The GDPR came into force on 24 May 2016, with the intention of harmonising data protection rules across the 28 member states. Their further aim, following several high profile data breaches, was to both strengthen the rights of data subjects and make sure that organisations are taking their obligations of data protection seriously. Companies now have 2 years to ensure compliance with the new provisions. But just what will such compliance involve, and how will this affect your business? A brief overview of some of the key changes is outlined below.
Consent requirements are much more stringent than under the previous directive. Data subjects now have to actively ‘opt-in’ to their data being used, and their informed agreement must be unambiguously and freely given. Controllers are now obliged to show that such consent was given, as well as that they have informed and reminded users of their rights (such as the right to withdraw consent).
In a key change from the previous directive, processors are now under some direct obligations. As well as the consent obligations listed above, these include notifying the controller promptly of data breaches. And most significantly, claims for compensation will be competent against data processors for unlawful processing.
Data Breach Notification
The GDPR creates a streamlined reporting process for all member states. Data controllers now must report data breaches to the relevant authority (here, the UKICO) within 72 hours of becoming aware of it, provided that the breach will result in a risk of harm to the individual. Where the risk of harm is high, the controller must also inform the data subject without undue delay. In both cases, notification should at least mention contact details for further information, likely consequences of the breach and measures proposed to deal with the breach (reports to the authority must also include information on the nature of the breach).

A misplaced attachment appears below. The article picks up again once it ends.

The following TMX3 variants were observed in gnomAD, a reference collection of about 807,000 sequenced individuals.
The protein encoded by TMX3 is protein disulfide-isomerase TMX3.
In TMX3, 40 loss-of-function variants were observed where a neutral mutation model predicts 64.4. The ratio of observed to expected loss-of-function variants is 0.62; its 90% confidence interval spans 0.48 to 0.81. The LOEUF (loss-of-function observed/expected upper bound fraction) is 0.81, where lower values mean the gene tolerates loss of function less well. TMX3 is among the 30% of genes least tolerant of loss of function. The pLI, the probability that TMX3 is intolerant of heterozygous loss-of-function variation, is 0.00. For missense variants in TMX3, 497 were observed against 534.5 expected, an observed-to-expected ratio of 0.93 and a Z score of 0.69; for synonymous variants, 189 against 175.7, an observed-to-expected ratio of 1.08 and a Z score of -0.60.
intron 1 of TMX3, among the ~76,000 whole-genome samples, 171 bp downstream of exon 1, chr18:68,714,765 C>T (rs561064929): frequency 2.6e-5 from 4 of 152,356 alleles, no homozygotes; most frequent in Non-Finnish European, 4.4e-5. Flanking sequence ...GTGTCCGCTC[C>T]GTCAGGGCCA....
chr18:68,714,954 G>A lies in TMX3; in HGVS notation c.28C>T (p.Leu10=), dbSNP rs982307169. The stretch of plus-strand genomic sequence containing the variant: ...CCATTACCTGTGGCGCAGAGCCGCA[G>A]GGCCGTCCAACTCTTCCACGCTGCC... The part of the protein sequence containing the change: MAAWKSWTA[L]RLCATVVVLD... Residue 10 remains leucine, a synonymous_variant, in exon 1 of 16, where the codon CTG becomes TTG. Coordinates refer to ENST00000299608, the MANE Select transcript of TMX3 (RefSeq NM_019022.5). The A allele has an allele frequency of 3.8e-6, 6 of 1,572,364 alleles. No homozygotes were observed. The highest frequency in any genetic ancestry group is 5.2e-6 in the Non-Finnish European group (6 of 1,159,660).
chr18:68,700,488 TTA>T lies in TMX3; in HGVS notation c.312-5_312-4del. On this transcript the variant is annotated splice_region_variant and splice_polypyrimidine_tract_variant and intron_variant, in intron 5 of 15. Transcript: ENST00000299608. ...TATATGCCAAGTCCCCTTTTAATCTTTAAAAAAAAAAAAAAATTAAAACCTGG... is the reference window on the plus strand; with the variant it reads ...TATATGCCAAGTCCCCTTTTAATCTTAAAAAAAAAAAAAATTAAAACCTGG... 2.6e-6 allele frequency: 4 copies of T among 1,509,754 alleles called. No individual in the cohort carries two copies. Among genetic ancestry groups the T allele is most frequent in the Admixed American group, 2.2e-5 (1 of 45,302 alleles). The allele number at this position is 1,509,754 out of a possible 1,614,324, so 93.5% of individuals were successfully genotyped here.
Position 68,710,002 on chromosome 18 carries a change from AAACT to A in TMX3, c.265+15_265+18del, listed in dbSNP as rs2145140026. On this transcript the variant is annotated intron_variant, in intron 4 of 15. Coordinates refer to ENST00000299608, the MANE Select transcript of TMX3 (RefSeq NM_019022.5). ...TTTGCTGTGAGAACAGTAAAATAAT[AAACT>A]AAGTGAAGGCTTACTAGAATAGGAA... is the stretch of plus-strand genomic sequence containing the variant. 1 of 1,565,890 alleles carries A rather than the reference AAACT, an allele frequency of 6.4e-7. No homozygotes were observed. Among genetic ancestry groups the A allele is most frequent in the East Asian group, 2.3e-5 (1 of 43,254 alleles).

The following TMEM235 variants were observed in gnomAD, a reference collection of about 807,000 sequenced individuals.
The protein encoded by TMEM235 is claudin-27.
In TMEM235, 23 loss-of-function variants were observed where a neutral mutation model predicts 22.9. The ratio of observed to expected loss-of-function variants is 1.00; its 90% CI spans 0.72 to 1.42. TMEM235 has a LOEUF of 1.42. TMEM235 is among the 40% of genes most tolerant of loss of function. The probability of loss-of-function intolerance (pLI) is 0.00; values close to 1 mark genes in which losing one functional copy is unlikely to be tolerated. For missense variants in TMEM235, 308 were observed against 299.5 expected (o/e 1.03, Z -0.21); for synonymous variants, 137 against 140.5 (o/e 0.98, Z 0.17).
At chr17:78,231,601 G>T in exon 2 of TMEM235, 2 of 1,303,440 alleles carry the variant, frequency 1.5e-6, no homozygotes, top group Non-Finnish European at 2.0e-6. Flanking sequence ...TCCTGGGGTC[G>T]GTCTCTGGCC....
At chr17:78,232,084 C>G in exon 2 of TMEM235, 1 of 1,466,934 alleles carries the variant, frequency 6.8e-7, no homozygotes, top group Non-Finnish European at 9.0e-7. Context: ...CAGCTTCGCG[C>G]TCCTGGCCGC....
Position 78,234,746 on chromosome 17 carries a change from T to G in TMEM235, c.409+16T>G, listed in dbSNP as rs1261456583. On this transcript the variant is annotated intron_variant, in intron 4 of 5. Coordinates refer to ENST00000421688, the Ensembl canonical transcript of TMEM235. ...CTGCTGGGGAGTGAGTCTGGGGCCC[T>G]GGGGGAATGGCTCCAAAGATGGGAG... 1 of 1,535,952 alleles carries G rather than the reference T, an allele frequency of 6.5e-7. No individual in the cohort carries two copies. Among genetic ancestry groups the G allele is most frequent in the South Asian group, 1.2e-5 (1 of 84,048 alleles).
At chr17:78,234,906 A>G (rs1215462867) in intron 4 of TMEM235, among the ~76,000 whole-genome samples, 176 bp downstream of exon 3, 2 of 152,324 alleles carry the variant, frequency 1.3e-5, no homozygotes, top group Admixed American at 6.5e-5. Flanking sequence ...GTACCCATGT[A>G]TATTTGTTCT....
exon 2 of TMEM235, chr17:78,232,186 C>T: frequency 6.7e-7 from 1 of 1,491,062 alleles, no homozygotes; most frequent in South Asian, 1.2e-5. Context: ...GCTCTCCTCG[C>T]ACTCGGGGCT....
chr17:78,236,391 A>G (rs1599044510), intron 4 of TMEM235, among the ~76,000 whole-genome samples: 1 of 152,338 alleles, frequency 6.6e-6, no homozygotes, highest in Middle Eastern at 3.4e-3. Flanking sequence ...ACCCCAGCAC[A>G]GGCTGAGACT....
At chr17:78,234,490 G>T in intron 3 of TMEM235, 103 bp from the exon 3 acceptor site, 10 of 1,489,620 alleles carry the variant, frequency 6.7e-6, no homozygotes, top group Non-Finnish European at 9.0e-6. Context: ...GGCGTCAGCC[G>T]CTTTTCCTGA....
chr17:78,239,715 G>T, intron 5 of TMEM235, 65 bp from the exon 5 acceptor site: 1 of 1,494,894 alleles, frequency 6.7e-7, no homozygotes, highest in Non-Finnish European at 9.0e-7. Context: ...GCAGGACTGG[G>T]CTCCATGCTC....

Right to be Forgotten
Building on the decision in the Google v. Spain case, data subjects now have the right, in certain situations, to ask that their data be promptly erased from a company’s records. These situations are outlined in Article 17 of the Regulation and include withdrawal of consent (provided there is no legal ground for processing). Where the information has been made public by the controller, they must also take reasonable steps to inform third parties of the requested erasure. Businesses should be considering what actions they would have to take were a consumer to approach them requesting an erasure.
Tougher sanctions will now be imposed on those who fail to comply. The GDPR sets out a three-tiered system of fines, with a maximum penalty of up to €20,000,000 or 4% of global turnover. This is in stark contrast with the current maximum fine in the UK of £500,000.
Given the steep penalties in place for infringement, it is important that companies take the time now to review their current data processing to ensure they will be able to comply with the Regulation by 25 May 2018.
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